Frannie decided, despite having to now carry her groceries by foot, that she was loving life. She had her health and she had her girls after all—Abby, four, and little Jane, with her wet little baby fingers. Frannie walked the dirty cement and cramped claptrap buildings of St. Claude like it was a red carpet. The Bywater air was muddy but she breathed deep.
The sight of the homeless man hunkered by the breezeway between the derelict Shell station and the shuttered sewing shop made Frannie’s thoughts crystal. She was so lucky compared to what unlucky really meant.
The man lifted a pale face, a hand like stray wax.
“Help?” He asked.
His face was quilted with lesions. Vacant eyes. Crowned with blond grime. But this was a person. Of course she would help.
“Sure.” Frannie said, setting her bags down and sorting for change. The man unfurled; stood.
“Ava. Ava Gardner. It is you.”
Frannie giggled at the comparison, even though it tickled her skin in a bad way. “Never heard that one.”
“I need you.” The man said.
A moment later, that waxy hand steered Frannie’s head into the brick wall.
She came to, deep in the gut of the breezeway—lying on ground like a broken tomb, wrists bound behind her in wire hangers, the air now more mud than breath. The man crouched close, wearing her maroon jacket and brimmed hat.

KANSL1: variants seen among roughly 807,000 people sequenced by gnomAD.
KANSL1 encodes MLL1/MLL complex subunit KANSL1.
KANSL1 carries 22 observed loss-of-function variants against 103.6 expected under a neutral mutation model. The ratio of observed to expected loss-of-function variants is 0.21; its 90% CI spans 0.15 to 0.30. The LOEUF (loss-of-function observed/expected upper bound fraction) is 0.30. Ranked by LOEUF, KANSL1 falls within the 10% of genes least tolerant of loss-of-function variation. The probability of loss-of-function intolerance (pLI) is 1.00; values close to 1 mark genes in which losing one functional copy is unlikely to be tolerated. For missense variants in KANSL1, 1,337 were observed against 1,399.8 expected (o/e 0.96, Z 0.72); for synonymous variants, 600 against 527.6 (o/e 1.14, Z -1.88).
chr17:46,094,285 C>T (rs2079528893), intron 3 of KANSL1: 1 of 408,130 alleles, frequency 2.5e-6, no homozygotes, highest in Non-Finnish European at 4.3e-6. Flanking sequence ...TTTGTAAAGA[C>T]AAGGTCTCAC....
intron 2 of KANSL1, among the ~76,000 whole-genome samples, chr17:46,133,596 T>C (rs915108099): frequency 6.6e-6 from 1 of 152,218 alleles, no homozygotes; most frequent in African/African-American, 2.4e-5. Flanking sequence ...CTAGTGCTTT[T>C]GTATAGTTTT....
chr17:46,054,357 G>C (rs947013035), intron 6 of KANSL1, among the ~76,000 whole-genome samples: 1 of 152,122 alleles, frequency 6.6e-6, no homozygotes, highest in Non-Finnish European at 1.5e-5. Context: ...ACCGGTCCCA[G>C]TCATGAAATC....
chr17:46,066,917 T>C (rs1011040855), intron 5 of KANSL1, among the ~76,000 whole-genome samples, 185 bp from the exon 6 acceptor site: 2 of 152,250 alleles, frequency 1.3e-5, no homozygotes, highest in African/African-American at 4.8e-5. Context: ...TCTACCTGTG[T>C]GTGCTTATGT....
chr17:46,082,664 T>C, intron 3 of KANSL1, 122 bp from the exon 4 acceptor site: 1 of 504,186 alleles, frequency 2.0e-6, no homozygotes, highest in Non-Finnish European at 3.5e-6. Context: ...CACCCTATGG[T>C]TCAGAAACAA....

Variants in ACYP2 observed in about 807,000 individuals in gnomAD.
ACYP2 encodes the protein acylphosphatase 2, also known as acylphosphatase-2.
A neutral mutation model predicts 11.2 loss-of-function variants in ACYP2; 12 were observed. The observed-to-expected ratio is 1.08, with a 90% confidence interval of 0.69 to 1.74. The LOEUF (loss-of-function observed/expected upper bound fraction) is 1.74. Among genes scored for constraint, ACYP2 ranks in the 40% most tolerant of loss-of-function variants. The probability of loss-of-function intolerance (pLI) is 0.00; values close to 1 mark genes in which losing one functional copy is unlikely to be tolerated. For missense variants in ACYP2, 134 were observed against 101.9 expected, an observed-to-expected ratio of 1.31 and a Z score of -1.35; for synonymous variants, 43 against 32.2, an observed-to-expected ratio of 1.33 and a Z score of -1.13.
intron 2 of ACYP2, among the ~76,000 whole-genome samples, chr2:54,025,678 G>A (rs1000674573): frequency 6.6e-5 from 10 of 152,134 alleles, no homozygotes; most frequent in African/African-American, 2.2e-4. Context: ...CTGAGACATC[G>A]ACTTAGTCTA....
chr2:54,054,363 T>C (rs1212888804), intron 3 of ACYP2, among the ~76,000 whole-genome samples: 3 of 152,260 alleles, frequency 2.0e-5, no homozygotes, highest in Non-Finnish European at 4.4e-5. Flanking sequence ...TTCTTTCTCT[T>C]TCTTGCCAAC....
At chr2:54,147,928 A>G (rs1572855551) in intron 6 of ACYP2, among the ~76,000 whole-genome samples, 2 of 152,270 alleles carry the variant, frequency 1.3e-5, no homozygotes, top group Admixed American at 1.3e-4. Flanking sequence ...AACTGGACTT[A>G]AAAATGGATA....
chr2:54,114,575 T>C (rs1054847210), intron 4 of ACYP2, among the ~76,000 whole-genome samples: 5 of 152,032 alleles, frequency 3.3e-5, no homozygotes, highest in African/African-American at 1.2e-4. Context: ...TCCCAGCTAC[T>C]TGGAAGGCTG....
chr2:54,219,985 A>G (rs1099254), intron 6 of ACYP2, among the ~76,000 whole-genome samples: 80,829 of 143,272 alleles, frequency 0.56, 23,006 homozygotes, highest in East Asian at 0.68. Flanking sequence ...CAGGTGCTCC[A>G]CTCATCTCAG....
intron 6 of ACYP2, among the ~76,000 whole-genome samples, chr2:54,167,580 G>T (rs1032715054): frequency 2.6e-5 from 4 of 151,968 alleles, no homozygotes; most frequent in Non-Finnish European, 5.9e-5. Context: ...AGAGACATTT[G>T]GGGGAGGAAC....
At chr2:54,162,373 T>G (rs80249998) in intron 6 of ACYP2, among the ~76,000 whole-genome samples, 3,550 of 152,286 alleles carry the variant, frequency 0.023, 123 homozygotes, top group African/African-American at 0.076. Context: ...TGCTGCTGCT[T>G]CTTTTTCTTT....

He drew out a syringe. It was caked from use. His fingers quaked.
“This won’t hurt but for a bit, Ava.”
“I’m not Ava!”
“And I’m just a no-account river fellow.” He mounted Frannie like a fever.
“I’m a real person!”
“I want to be a real person too.” His tears already dripped from cankered lips. “I want to be you.”
“No, don’t you see you’re crazy?” Frannie began to wriggle loose the hangers holding her arms.
His eyes dripped six inches above hers. They oozed pleading. “I’ll be better when I’m you.”
The needle scraped her finger. Frannie twitched it away.
“Please, Christ, you’re sick. You have a disease.”
“I do, Ava.” He whined, scraped the needle up her arm. “I have AIDS. And worse.”
“I have to milk blood to keep from running out.”
“No. No, you do not.” Frannie tugged. Tugged again. The hangers peeled off skin as her thumb slid free.
“But I’ll take your life, Ava, and it’ll be better.”
“I have more than a life!” Frannie fought, tossing her head, locking his eyes to hers. “I have two girls. They’re my life. Please, they need me!””
Frannie wrenched an arm loose.
The man stomped her hand flat.
The needle laid its scabs on her jugular vein.
“It’s okay, Ava.” The man tilted his hand and Frannie’s housekeys splayed on the hammering of her heart where they dangled from his wrist. “I’ll take good care of them when they’re mine.”
The needle sank and the man twisted and the blood sprayed thin like milk.